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How to Be a Curator

How to Be a Curator
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Teach your kids how to be a curators and have their own art show.

By Andrea Mulder-Slater

An art curator is someone who works in a gallery or museum and is in charge of building art collections, researching art information, writing about art and placing artwork within gallery spaces.

What makes a good curator? Someone who is responsible, kind and knowledgeable. He or she must work together with community members in order to reflect the kinds of likes and dislikes of the people who visit the gallery or museum.

The mission of a curator is to educate or teach children and adults about art. If they are passionate about what they do, curators will make learning fun and enjoyable. So in a way, a curator is like a teacher …

One very important job that a curator does, is organize art shows. They choose which paintings, drawings, sculptures or prints will be included in a show and they decide where to hang or place each piece.

You can be a curator… all you need is some art and a good eye.

What You Need:

  • artwork – this can be from one artist or a classroom of artists.
  • construction paper – larger than the artworks (optional)
  • paper for invitations (optional)
  • stickers or small index cards for labels
  • tape or staples
  • a place to hang the artwork – this could be a inside wall, an outdoor fence… wherever there’s space.

What You Do:

Once you decide on a location to have your art show, collect up all of the art you would like to display. If you are having a classroom art show, choose at least one work from every student. If this is a one person show, choose the work that will fit and remove any pieces that won’t.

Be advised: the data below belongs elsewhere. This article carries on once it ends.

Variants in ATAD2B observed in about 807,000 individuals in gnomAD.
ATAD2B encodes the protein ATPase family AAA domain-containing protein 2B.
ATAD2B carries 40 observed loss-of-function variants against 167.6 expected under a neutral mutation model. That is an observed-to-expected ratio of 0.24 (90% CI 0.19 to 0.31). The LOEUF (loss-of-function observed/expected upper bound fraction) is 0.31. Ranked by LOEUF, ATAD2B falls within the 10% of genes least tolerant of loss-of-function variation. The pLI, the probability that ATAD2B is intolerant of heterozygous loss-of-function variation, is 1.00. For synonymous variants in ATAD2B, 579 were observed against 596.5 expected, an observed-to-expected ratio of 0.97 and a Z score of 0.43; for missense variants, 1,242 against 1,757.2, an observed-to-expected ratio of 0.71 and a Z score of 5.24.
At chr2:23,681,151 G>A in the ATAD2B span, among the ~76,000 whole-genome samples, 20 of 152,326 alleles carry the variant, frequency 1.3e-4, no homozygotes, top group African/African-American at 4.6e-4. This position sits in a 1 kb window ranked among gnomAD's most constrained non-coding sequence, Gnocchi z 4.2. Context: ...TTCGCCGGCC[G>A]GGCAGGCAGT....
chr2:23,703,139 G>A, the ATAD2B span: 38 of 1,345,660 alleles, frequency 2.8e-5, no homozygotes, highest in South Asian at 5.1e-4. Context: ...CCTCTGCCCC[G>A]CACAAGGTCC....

Lay all of the artworks out on the floor so you can have a good look at them

Play around with the works, moving them beside one another and apart. Place similar works together and then try placing works that are different together. You will start to see and feel what looks “right” and what doesn’t.

Once you have an idea of where all of the artworks will go, you can “frame” the works by gluing them on construction paper or you may choose to hang the work “as is”.

For each work of art, type or print up a label. The label could have such information as the name of the artist, the age, the title of the work, the date the work was created and the medium (pencil, watercolor, pastel, ink etc.)

Now, hang the work at eye level … if most of your guests will be children, make sure to place the work so everyone can see them.

Finally, you can draw up some invitations … after all, you would like people to attend your fabulous art show right? The invitations should have the show location, a list of the artists taking part and a time and date of the show. You might wish to serve refreshments at your art show. If this is the case, add “refreshments will be served” to your art show invitation.


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